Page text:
Talking point: what the Munster-Crusaders game really taught us

rugby06 February 2024 05:34| © SuperSport
By:Brenden Nel
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Players of Munster © Gallo Images

Away from the limelight of the Six Nations, at the same time that Scotland and Wales were serving up probably the most entertaining match of the opening weekend of Northern Hemisphere’s showpiece action, a game was taking place that at any other time would have received top billing.

The Super Rugby champions - the mighty Crusaders had travelled all the way to Cork to face Vodacom United Rugby Champions Munster in the same venue the red army dispatched with the SA A side some 16 months ago.

This was - if it was organised right - supposed to be the defacto World Club Championship, a game that should have captured imagination and would be seen by millions.

Instead, it took place at the same time as the Six Nations, played by two mix and match sides and taught us two massive things about the future of rugby, especially for South Africa.

The first - that a global season is desperately needed to sort out rugby’s convoluted and unsustainable calendar at the moment and the second, that South Africa’s move northwards has not diluted its franchise playing strength.


Let me explain.

On the first point, it is hardly a new concept that the world of rugby desperately needs a calendar shift by someone to allow it to align competitions to make it more palatable to the average fan, and to allow teams a proper off-season.

South Africa is caught in the middle of this, and has one foot in both hemispheres, playing franchise rugby in the URC and test rugby in the Rugby Championship.

The result has meant a carefully crafted off season by MyPlayers, SA Rugby and franchises that satisfies nobody. Franchises (other than the Stormers) aren’t keen on playing Christmas rugby, while there is no discernible off-season to speak of anymore. Rugby is now a year round spot.

In this context, franchises have to do without their Springboks, who have to get an eight weeks rest because of their commitments in the Rugby Championship, which takes place in what is the European off-season, while the addition of the Currie Cup to the September time slot means that franchise coaches have now had to juggle players during the season to get a full eight weeks off so that they are allowed to compete in the Currie Cup.

But back to Cork’s Páirc Uí Chaoimh, the Gaelic Football stadium where the game was hosted. The Crusaders had arrived for their first warm-up game before the Super Rugby season, while Munster were without their Irish national players, including Irish captain Peter O’Mahony. They also have a raft of injuries.


So what should have been a humdinger turned out to be a practice game garnering little attention.

A game that rugby’s bosses have been talking about for years now - the World Club Championship - was taking place without the fanfare, without most of the rugby world knowing.

The Crusaders were also without their talismanic coach, Scott Robertson, who led them to seven consecutive titles, and has now become the All Blacks coach.

Just, for a moment, imagine if it was a full-strength Munster, just off a URC victory in Cape Town, facing the might of the Crusaders. It would be a game for the ages. And so it should be.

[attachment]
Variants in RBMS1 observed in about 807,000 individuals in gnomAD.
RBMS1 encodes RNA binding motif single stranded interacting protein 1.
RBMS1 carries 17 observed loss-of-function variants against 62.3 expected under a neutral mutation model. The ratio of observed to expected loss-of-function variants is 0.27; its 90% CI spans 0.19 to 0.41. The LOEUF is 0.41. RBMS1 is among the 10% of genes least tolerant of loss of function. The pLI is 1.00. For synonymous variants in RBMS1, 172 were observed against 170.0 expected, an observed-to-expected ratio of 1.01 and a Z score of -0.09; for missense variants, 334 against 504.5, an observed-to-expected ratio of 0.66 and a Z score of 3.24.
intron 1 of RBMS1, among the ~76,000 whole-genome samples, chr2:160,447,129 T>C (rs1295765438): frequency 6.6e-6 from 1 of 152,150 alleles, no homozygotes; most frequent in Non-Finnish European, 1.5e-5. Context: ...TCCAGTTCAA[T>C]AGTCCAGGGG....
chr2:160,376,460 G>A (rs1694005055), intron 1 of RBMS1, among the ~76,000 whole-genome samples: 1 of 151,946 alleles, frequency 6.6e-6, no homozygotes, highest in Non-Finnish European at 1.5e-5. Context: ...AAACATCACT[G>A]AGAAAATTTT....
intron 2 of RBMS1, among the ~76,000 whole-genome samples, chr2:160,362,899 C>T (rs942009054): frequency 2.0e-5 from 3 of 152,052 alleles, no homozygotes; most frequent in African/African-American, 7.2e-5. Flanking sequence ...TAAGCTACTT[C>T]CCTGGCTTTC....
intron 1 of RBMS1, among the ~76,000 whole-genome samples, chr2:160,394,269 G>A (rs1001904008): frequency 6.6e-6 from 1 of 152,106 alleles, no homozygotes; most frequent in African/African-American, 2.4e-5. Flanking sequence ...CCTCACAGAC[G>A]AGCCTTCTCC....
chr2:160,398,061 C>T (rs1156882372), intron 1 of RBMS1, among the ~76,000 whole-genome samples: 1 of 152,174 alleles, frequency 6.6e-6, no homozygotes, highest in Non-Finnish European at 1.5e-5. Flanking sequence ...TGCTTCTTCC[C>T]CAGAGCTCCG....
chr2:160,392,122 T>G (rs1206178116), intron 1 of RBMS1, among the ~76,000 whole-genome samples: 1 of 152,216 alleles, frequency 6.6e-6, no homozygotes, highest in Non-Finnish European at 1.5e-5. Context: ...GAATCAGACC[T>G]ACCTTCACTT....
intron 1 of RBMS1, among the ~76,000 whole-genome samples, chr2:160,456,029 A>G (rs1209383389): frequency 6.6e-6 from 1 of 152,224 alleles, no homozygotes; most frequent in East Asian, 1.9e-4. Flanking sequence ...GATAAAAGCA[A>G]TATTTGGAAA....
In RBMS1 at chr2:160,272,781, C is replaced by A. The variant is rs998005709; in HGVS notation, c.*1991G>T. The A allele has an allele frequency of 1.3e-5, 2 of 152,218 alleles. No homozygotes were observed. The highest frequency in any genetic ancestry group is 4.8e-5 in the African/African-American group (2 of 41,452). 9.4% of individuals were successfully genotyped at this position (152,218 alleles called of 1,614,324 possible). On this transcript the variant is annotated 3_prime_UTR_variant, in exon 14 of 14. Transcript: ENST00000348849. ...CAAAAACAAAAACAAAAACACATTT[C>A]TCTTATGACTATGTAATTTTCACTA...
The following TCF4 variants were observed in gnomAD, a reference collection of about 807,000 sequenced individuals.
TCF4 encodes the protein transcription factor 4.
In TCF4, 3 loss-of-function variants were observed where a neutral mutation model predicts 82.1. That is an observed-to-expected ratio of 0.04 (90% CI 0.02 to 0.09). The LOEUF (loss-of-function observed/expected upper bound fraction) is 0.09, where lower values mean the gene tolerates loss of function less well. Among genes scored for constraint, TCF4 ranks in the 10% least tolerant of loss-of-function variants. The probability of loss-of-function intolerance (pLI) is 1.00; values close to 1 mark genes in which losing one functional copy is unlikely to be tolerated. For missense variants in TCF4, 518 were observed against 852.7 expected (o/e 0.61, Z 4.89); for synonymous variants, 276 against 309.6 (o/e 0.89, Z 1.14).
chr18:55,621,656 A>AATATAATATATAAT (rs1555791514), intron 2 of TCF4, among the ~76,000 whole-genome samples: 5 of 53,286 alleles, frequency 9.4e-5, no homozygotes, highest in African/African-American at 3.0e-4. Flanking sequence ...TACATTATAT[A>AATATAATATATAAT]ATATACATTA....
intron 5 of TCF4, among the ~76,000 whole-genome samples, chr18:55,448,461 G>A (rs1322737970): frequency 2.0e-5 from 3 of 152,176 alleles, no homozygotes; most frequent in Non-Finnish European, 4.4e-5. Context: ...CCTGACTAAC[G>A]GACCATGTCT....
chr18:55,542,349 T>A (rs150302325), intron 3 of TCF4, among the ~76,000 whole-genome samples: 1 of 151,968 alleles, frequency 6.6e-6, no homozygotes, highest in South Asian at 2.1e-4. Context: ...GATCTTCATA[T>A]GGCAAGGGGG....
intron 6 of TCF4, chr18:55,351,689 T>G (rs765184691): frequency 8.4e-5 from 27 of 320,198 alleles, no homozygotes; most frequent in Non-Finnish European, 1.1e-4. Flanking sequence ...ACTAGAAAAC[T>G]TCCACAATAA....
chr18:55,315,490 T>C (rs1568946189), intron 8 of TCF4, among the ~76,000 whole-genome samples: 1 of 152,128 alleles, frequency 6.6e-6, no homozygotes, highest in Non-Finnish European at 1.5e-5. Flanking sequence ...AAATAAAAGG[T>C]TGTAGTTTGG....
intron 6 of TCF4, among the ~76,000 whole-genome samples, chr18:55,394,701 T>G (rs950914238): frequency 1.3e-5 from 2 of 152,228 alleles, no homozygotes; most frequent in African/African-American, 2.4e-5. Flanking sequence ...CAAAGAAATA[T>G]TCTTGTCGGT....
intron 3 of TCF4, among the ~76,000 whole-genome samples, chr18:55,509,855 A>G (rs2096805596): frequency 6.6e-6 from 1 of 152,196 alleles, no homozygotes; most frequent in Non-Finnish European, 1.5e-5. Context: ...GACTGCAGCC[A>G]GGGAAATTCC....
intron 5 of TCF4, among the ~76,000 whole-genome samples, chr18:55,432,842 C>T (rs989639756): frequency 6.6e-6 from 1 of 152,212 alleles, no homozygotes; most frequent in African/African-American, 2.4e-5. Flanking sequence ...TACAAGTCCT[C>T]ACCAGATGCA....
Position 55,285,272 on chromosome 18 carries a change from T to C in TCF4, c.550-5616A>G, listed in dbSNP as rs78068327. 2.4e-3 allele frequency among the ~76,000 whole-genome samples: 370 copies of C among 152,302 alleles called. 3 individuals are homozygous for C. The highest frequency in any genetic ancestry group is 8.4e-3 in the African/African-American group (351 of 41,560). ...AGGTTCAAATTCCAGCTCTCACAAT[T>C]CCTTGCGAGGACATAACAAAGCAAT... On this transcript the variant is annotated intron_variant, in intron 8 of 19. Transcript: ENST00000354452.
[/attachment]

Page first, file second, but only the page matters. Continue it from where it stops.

The reality is that with the current calendar, a game like this has no free weekend, especially one where both sides can select full-strength sides and give it the billing it deserves.

And like SA Rugby and every South African player, it underlines the desperate need for World Rugby to finally sort out the calendar, something they have failed to do for years.


On the second point, the fact that Munster beat the Crusaders 21-19 (spoiler alert) should serve as a confirmation that the move northwards is a good thing for SA Rugby.

For years there has been arguments about whether the well-funded northern hemisphere clubs are stronger that the Southern Hemisphere teams. Two weakened champions may not be the best to win that argument but it showed that at least in terms of player depth there is not much to choose between the two sides.

The Crusaders’ tries were mainly what you would expect - long range efforts where they managed to get some flair into their game while Munster’s came mostly from forward play and rolling mauls.

But while there have been some debates about the move northwards, there are few in the franchises or SA Rugby who believe it wasn’t a correct one, and recent moves by New Zealand, including the introduction of an under-20 Rugby Championship and more regular visits by junior sides to the country, as well as talk of longer tours restarting in the future, show how the Kiwis feel that they need regular game contact against South African players.

South Africa has brought something new and fresh to the European game, and while local fans may still be getting used to the URC and Champions’ Cup, and the teams that take part, the move northwards has been beneficial in that the standard hasn’t dropped, and if anything, the competitions suit local rugby teams more than a 12 hour flight across the Indian Ocean.

There are, of course, still gremlins to get out of the system, but there will be a few local coaches who smiled at the result of the weekend, while wishing for that dream of a global season.

And an unseen game in Cork did that all by itself.